The next General Election for the UK will be held on 7 May 2015. The 2010-2015 Parliament will be dissolved on Monday 30 March 2015. The official timetable on the UK Parliament website is here.
Who will win?
To see a month-by-month poll of the polls for the previous month – more accurate than any individual poll could be – check out Electoral Calculus. You can also see the odds the bookies are placing on each party winning at BestBetting.
The odds of there being a Tory/UKIP coalition are discussed here. (The condensed version is: this is too improbable to worry about.)
Another website GE2015.co.uk by Tim Carr, discusses the candidates he thinks are most likely to win the general election – “based on 262 candidates (once they are all selected) in around 225 parliamentary constituencies”.
Who do I vote for?
That is of course between you and your conscience.
However, if you want to know who the candidates in your constituency are likely to be, check out YourNextMP. The deadline for nominating candidates for the next General Election is 4pm on 9 April 2015: full lists will be released after this date by the Electoral Commission. YourNextMP is a crowdsourced website and the information is, as I understand it, purely speculatory, not an official legal declaration.
Note that many candidates won’t declare themselves until they have to – because of the spending limits.
You become a candidate on the date you or another person declare that you will be a candidate, or on the date that your nomination papers are submitted, whichever is earlier. Being named on YourNextMP has, I believe, the legal value of gossip in the newspapers: until a candidate declares themselves or is declared by someone with reason to know, they are still in the long campaign.
There are two campaign spending limits: the long campaign, which began on 19 December 2014, and ends for each candidate on the day before they declared themselves to be a candidate: and the short campaign, which begins for each candidate on the day when they declare themselves to be a candidate and ends on polling day.
For the long campaign, the spending limit is (£30,700 + 6p/9p per elector) in a borough/county constituency. For the short campaign, the spending limit is (£8,700 + 6p/9p per elector) in a borough/county constituency.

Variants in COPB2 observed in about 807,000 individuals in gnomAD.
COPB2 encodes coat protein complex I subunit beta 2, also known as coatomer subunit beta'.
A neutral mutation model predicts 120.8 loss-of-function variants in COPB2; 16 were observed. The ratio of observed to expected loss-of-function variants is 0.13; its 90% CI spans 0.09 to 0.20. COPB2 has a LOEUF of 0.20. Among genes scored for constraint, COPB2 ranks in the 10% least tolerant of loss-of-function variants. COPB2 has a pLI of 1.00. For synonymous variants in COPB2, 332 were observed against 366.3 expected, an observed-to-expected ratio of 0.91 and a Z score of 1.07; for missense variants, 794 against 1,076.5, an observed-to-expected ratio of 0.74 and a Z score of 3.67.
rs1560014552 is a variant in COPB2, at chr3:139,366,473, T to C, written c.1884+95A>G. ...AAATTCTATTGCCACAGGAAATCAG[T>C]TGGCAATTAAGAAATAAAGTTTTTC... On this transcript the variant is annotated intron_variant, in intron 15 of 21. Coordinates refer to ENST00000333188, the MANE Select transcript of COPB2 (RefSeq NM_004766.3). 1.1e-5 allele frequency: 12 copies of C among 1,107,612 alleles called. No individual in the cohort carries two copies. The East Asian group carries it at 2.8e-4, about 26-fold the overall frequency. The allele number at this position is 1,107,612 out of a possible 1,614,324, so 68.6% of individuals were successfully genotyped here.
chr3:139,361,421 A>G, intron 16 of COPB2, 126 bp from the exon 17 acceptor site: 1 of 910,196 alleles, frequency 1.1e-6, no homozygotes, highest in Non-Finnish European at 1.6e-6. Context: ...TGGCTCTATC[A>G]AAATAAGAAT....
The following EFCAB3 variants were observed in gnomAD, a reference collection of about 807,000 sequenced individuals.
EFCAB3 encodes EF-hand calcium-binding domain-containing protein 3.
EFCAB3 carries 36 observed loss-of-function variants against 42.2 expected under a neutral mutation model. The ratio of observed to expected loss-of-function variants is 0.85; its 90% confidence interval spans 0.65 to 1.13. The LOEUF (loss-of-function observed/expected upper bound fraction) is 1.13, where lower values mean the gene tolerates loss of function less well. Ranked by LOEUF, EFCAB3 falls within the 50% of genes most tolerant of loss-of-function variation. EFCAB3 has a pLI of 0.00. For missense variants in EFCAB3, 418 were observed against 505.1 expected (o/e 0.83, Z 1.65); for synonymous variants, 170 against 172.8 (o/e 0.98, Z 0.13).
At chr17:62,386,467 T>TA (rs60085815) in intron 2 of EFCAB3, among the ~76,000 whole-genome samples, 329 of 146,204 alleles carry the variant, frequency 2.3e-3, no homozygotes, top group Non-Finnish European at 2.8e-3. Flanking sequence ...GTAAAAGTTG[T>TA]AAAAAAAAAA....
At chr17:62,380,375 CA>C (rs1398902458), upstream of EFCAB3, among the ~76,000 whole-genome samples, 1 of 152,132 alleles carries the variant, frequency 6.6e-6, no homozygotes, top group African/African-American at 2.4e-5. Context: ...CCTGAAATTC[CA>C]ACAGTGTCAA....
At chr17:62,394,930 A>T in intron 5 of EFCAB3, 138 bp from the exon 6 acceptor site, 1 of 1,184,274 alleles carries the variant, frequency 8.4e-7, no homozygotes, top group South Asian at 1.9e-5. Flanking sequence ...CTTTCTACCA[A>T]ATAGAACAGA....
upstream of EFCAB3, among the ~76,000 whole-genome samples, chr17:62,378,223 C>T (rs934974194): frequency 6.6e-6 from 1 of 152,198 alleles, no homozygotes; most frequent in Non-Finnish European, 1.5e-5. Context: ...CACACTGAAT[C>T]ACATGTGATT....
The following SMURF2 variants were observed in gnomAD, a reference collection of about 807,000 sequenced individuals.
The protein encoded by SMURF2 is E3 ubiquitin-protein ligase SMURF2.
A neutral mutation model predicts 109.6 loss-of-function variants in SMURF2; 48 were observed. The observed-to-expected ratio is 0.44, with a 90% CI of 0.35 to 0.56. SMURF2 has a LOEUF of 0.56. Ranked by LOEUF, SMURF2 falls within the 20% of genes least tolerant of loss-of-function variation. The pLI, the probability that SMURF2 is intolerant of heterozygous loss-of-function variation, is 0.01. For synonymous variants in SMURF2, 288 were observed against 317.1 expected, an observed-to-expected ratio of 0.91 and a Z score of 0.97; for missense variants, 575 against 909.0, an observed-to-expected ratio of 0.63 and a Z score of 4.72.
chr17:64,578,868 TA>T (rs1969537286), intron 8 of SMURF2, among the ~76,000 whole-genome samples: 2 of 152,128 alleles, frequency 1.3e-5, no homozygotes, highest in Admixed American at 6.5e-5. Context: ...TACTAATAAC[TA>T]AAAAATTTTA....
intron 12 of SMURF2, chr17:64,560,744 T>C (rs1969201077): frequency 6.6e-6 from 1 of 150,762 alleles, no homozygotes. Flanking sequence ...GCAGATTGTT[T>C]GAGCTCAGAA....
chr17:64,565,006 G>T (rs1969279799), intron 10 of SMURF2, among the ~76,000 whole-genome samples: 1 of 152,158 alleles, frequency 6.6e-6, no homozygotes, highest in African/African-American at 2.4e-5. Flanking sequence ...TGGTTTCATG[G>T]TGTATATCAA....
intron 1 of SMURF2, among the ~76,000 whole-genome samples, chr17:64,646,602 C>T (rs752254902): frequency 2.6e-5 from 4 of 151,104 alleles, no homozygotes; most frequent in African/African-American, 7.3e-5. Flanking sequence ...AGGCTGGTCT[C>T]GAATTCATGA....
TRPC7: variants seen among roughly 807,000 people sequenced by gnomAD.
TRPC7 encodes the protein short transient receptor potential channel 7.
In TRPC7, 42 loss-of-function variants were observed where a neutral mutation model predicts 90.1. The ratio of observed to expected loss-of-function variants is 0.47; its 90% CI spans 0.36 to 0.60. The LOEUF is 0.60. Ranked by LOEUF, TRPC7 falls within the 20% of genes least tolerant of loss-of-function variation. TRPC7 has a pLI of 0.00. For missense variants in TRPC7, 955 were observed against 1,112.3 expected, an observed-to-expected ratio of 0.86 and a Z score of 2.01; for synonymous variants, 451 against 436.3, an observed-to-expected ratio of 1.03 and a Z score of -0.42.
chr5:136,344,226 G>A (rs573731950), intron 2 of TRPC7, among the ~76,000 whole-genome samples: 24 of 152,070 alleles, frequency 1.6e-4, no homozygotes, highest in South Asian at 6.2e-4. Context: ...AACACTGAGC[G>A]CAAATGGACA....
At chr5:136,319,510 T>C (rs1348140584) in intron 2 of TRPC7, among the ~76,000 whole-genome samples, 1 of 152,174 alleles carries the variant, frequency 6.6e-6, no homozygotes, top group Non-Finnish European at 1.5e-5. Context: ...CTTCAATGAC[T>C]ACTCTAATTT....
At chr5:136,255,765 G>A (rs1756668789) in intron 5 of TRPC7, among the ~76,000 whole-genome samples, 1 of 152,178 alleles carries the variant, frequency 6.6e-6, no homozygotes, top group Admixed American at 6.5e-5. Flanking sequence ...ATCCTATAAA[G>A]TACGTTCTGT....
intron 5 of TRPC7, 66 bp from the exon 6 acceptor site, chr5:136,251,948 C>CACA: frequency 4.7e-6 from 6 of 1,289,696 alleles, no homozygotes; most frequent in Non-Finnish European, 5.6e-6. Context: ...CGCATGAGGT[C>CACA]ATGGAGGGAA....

How do I vote?
Make sure you are registered before 20 April 2015, or get yourself registered. The site most people will find useful is AboutMyVote.
In response to Ed Miliband’s recent speech about the problems of the new voter registration system, Juliet Swann of the Electoral Reform Society Scotland notes “some inaccurate information has made its way into the media. Here is my attempt to address some of those concerns”.
In 2014, a law was passed that changed voter registration in the UK from registration by head of household – the UK may have been the last western democracy to use this system – to each individual voter being responsible for their own registration. It also made it possible to register to vote online.
The important part is: If you were registered to vote already for the independence referendum, and you still live at the same address, then until December 2015 you are still registered to vote. So, everyone in Scotland who was registered to vote in September 2014, which was most of us, is registered to vote in May 2015.
But, if your previous household registration data doesn’t ‘match up’ with other electronic data the registrar can access then for you to stay on the voters’ register after December 2015 (because they haven’t been able to confirm you are who you are and live where you live) they will need you to re-register – which you can do online, or by paper. You will need your NI number. But most people who haven’t moved house since the last time they registered to vote, will be on the voters’ register because they were automatically transferred.
If you aren’t – for whatever reason – you might have moved house, or you don’t have other data at your electoral register address – you’ll be asked to re-register. Though of course if your registration was at a previous address, you might not receive the notification to re-register (in order to stay on the voters’ rolls after December 2015). But you can call your local authority electoral registration officer (you can find out who that is and how to contact them by entering your postcode at www.aboutmyvote.co.uk) to find out if you are registered, and they’ll tell you if you need to re-register.
If you are a student, you can quite legally register both at your home address and your term-time address. You can apply for a postal vote for either address. What you cannot do is vote at both addresses: that is illegal. You can apply for a postal vote for any reason whatsoever, incidentally – you merely have to want to vote by post.
If you are homeless or want to register at an anonymous address, you can quite legally do that also: call your local authority electoral registration officer (see www.aboutmyvote.co.uk) and ask them how to make that happen.